It looks like you're using an Ad Blocker.
Please white-list or disable AboveTopSecret.com in your ad-blocking tool.
Some features of ATS will be disabled while you continue to use an ad-blocker.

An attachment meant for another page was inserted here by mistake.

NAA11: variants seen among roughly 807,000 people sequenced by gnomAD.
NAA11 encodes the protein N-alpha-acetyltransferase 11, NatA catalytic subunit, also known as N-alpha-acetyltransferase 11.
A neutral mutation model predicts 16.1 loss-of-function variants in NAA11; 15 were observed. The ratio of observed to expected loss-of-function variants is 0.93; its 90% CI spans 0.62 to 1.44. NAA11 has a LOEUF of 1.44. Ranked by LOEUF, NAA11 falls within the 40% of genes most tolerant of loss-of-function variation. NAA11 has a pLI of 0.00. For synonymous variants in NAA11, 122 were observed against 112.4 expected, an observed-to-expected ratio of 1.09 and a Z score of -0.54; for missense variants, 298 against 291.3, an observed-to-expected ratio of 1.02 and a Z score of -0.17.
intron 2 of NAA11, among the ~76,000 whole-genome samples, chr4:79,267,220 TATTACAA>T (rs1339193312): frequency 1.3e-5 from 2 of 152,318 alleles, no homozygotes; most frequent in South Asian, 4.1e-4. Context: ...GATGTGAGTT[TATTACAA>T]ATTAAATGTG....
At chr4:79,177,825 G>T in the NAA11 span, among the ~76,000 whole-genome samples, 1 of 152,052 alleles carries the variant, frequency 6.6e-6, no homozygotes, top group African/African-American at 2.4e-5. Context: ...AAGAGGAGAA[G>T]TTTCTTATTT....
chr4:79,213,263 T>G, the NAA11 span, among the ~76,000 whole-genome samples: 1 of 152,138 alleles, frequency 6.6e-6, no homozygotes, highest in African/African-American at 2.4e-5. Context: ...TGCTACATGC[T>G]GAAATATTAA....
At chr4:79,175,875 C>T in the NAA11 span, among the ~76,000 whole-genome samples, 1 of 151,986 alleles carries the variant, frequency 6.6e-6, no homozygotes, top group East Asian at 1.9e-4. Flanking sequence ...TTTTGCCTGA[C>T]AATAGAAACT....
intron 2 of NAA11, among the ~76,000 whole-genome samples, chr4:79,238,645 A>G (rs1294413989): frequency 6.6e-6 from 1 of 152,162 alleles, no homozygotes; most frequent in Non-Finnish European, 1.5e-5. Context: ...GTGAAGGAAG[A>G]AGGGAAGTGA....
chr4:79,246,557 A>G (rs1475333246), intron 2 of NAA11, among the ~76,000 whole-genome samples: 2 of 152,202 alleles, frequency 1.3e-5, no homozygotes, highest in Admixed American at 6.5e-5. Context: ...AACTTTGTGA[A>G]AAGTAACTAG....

George Hill, an analyst at Leerink Swann, a health care investment bank, told the Times that the market for health record systems is $8 billion to $10 billion annually. About 5 percent of this income comes not from the sale of information systems but from the sale of data and analysis. As more physicians and hospitals — spurred by federal incentives — switch to electronic recordkeeping, revenue from the sale of health data could grow to $5 billion, Hill said. In some case, the vendor contract specifies that the vendor has exclusive access to the health records in its database, according to Dr. Paul Tang, vice president and chief medical information officer of the Palo Alto Medical Foundation, and member of a federal privacy advisory panel. Tang told ModernHealthCare in 2007 that he’d seen such contracts from large and small vendors. “Some [vendors] say they have ownership to data. There are contracts that say they will have real-time access to the database, that they will have exclusive access to the data, that they can resell the data. I think it would be unlawful that covered entities abide by that.” Giving vendors access to such data would apparently violate the Health Insurance Portability and Accountability Act (HIPAA), which prohibits doctors from providing medical records to anyone not involved in providing health care or payment for health care or involved in health care research. Although the law does provide a loophole for “business associates” hired by health care providers, privacy rights lawyer Robert Gellman told ModernHealthCare that this likely wouldn’t protect health care providers in these cases.